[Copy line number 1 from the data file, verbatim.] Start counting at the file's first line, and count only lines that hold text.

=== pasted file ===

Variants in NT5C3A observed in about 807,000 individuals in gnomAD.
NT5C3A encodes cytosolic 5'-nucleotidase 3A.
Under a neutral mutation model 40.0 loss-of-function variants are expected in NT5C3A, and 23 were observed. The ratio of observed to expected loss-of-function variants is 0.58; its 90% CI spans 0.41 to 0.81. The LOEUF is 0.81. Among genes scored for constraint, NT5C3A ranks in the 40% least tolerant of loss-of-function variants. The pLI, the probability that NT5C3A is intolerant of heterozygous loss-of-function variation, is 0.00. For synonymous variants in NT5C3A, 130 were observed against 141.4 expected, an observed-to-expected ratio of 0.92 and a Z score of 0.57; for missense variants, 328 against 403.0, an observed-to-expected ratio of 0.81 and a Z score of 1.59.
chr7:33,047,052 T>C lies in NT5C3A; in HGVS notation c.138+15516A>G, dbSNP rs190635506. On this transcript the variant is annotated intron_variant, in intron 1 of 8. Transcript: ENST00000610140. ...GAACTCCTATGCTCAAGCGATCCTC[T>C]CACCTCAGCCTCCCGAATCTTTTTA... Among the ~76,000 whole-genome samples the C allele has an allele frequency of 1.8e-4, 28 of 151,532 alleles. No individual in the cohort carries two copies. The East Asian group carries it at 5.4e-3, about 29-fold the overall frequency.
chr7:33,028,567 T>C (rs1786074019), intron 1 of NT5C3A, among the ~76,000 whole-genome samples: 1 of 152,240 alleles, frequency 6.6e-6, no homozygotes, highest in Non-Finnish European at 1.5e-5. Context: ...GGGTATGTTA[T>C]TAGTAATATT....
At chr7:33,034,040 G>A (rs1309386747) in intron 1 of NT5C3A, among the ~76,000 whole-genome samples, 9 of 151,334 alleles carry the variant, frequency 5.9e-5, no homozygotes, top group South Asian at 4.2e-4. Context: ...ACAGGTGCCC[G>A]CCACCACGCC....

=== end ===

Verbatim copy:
Variants in NT5C3A observed in about 807,000 individuals in gnomAD.